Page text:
Oxfords are the archetypal dress shoe. Simple, elegant and stylish – they are a staple of many men’s wardrobes.
But for many, Oxford shoes are confined to the workplace, only to be kicked off unlovingly at the end of the day.
So to save Oxford shoes from such neglect, we’ve uncovered their history and made a simple style guide.
What are Oxford shoes?
The story is that the Oxford came from a style of boot with side slits, popular with 19th century Oxford university students. Over the time this slit turned into laces, which migrated to the top of the shoe, where they live today.
The eyelets for these laces are on the underside of the top quarters, otherwise known as the lace tabs. These are also stitched together, unlike a Derby or gibson where they are open.
And though any shoe can have brogue patterning, or decorative perforations, it is the plain cap toe that makes the Oxford so distinctive.
When should you wear them?
Work for many means suits, ties and formal shoes – and the most popular of these is the Oxford.
Because of their sleek design they go well with any formal outfit, and they aren’t too flashy to upset a traditionalist boss. And if tradition is your thing, then you’ll love a wedding, the perfect occasion for your Oxfords.
But life isn’t all about work and weddings, and if you need shoes for a smart casual party, then the Oxford works perfectly.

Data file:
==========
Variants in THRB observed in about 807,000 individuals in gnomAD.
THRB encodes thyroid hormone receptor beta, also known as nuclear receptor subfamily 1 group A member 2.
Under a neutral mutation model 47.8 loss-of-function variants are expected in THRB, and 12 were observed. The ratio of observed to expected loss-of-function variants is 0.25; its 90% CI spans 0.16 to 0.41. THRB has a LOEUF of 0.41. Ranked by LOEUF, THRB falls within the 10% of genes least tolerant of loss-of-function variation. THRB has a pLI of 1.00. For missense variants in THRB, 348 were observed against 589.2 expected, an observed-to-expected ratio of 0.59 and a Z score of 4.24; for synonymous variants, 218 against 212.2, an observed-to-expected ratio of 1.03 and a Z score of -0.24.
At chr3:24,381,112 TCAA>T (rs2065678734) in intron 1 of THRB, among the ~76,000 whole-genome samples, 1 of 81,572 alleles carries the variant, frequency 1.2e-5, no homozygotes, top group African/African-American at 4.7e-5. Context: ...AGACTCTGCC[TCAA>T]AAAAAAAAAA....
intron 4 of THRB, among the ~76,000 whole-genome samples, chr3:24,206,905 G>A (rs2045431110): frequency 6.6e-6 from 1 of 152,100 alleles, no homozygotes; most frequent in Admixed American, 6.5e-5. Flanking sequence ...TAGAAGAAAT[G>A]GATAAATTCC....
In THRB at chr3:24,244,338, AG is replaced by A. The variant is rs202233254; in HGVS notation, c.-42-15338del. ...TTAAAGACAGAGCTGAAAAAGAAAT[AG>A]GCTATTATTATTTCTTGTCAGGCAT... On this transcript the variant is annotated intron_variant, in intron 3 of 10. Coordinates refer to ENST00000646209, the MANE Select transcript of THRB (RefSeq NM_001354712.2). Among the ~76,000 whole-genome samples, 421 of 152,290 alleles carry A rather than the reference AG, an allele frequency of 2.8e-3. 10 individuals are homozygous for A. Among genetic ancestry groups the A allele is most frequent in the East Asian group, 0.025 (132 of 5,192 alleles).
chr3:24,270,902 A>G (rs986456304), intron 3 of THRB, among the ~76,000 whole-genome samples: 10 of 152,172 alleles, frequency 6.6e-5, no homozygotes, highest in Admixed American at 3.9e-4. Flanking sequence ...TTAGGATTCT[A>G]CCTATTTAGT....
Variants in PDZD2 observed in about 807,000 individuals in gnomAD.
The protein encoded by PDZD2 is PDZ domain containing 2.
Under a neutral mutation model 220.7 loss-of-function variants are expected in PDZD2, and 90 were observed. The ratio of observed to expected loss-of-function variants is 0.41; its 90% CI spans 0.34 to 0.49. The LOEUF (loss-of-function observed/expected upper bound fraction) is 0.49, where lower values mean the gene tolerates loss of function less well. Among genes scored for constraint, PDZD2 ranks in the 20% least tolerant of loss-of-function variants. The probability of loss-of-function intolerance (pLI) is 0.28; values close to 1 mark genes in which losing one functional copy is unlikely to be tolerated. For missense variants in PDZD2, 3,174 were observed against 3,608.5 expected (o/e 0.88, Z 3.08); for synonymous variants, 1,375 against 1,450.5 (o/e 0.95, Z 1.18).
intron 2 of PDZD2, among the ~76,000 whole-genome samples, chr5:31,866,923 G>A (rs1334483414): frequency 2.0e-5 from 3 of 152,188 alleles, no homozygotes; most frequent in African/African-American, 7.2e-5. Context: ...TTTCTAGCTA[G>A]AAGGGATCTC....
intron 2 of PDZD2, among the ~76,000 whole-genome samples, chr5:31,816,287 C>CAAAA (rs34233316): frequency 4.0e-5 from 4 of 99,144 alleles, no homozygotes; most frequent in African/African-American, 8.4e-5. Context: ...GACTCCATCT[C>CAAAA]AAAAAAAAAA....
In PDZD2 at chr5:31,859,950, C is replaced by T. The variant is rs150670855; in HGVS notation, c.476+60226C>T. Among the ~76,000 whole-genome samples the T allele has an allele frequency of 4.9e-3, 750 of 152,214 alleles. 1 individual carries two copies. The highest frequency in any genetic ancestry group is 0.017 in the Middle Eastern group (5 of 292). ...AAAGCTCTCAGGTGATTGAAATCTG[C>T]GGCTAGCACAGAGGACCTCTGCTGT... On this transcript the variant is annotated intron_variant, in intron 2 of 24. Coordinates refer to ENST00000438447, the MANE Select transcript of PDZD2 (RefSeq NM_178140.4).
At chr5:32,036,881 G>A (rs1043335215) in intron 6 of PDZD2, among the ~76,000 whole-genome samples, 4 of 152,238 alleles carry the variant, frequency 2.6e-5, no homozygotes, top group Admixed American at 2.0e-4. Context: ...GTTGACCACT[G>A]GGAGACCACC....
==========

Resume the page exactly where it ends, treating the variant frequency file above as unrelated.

How should I wear them?
The undoubted way to wear Oxford shoes is with a suit. Their simple construction fits in with the style of the outfit and finishes off the formal look perfectly.
But in this modern dressed down world, many men seldom wear a blazer, or even a tie, so where does an Oxford fit in? Well black Oxford shoes still go well with trousers and a shirt, but for a really casual look you could always try jeans and a t-shirt.
For more casual options try other colours, as these will give you more room to manoeuvre. Brown, tan, sand and taupe are all versatile shades, allowing you to mix up your outfit. If you switch from leather to a pair of suede Oxfords, then the outfit immediately becomes more casual.
As long as you match colours tastefully, the rules become quite loose.
What to avoid
There are many obvious no nos. For instance, shorts can be worn with brogues, Derby shoes and a whole host of men’s footwear choices, but would look silly paired with Oxfords.
There is one less obvious but equally more important no no, that many people forget.
Oxford shoes are great for formal occasions, but wearing them every time may portray you as a one shoe pony – or someone who doesn’t care about their appearance. So mix things up by wearing other shoes every now and then, and dress down occasionally, so when you do wear your Oxfords, you really make a statement.
The Oxford is without doubt the quintessential gentleman’s shoe and is a formal footwear staple for many men. And though they may seem married to the suit, they can be worn with other outfits too – and should never be chucked off, but placed on the shoe rack lovingly.